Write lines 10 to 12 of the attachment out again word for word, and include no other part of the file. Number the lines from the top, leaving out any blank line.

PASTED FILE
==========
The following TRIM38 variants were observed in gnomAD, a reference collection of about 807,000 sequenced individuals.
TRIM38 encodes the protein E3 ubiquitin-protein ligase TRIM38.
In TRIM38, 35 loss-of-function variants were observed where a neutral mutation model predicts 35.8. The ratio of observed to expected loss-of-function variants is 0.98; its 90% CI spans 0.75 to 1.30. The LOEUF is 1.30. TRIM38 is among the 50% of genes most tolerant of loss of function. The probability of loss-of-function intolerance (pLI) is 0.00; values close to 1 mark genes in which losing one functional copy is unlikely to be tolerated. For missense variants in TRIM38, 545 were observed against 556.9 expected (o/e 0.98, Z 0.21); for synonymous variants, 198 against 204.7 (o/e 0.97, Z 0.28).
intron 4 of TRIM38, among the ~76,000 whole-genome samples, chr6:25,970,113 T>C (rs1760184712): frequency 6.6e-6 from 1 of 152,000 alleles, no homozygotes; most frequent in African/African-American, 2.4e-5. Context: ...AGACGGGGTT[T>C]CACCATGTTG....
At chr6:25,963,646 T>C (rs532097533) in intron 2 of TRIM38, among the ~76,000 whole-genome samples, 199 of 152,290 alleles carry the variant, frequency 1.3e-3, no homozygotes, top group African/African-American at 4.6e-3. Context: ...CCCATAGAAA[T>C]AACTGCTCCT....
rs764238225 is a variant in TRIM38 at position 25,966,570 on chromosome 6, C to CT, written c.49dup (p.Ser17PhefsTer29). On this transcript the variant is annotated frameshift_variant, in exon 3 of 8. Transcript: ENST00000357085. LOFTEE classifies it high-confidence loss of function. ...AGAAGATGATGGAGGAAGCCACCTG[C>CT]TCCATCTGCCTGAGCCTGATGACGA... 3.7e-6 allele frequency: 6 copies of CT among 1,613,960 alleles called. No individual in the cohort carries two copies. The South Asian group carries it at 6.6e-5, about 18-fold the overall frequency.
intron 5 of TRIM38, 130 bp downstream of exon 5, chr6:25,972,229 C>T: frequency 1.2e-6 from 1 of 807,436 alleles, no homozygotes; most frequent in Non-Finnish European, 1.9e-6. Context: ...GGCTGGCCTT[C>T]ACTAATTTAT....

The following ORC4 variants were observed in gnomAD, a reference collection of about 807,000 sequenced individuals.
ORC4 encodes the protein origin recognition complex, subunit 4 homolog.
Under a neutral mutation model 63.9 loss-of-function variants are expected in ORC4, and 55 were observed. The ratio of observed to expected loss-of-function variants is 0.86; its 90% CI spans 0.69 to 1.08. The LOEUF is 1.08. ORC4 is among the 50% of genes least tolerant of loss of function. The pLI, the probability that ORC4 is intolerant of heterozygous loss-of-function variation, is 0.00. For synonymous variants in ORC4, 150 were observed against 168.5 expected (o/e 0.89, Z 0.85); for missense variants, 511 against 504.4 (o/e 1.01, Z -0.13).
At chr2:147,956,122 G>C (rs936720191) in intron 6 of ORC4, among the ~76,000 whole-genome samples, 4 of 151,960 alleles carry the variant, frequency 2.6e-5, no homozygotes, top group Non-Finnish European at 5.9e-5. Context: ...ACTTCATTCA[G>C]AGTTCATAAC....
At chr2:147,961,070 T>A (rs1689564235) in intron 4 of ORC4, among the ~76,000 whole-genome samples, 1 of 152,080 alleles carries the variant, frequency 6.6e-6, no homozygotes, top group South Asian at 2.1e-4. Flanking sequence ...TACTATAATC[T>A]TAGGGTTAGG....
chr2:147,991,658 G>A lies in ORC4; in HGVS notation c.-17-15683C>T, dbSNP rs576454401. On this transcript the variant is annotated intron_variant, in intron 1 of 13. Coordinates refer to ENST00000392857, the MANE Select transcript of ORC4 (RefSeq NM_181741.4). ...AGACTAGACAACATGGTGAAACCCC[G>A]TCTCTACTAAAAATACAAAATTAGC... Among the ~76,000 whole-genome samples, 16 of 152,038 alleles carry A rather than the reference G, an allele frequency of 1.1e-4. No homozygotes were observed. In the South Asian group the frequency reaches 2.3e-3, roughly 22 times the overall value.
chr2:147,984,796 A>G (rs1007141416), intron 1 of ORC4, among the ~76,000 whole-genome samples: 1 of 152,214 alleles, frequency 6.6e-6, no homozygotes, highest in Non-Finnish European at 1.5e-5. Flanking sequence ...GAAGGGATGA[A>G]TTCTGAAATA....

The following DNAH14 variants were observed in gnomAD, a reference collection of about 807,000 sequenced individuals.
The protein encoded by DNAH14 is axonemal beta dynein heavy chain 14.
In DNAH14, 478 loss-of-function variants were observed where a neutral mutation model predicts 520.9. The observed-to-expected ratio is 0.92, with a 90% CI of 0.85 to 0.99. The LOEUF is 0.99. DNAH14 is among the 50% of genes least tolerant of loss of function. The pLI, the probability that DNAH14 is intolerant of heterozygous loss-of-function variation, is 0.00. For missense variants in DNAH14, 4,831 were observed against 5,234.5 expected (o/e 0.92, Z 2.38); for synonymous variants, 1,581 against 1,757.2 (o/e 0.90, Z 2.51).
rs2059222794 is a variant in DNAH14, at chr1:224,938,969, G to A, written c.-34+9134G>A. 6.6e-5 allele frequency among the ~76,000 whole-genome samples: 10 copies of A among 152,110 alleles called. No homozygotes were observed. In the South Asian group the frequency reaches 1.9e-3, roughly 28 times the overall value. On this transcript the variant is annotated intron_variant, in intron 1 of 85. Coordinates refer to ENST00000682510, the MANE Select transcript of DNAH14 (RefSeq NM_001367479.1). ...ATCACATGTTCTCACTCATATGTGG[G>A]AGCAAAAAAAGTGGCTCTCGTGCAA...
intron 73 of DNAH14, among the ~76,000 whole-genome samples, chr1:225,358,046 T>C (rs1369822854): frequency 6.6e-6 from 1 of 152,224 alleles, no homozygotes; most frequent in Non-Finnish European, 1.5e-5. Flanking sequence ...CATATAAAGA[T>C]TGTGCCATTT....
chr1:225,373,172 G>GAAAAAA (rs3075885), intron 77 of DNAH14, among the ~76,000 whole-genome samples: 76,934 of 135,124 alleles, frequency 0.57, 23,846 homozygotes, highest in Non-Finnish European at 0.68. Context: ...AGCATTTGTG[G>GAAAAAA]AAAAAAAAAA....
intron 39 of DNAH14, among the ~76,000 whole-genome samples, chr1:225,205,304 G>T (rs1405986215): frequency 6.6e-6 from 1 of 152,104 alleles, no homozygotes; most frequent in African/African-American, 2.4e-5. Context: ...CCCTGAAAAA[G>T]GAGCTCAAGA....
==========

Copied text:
Under a neutral mutation model 63.9 loss-of-function variants are expected in ORC4, and 55 were observed. The ratio of observed to expected loss-of-function variants is 0.86; its 90% CI spans 0.69 to 1.08. The LOEUF is 1.08. ORC4 is among the 50% of genes least tolerant of loss of function. The pLI, the probability that ORC4 is intolerant of heterozygous loss-of-function variation, is 0.00. For synonymous variants in ORC4, 150 were observed against 168.5 expected (o/e 0.89, Z 0.85); for missense variants, 511 against 504.4 (o/e 1.01, Z -0.13).
At chr2:147,956,122 G>C (rs936720191) in intron 6 of ORC4, among the ~76,000 whole-genome samples, 4 of 151,960 alleles carry the variant, frequency 2.6e-5, no homozygotes, top group Non-Finnish European at 5.9e-5. Context: ...ACTTCATTCA[G>C]AGTTCATAAC....
At chr2:147,961,070 T>A (rs1689564235) in intron 4 of ORC4, among the ~76,000 whole-genome samples, 1 of 152,080 alleles carries the variant, frequency 6.6e-6, no homozygotes, top group South Asian at 2.1e-4. Flanking sequence ...TACTATAATC[T>A]TAGGGTTAGG....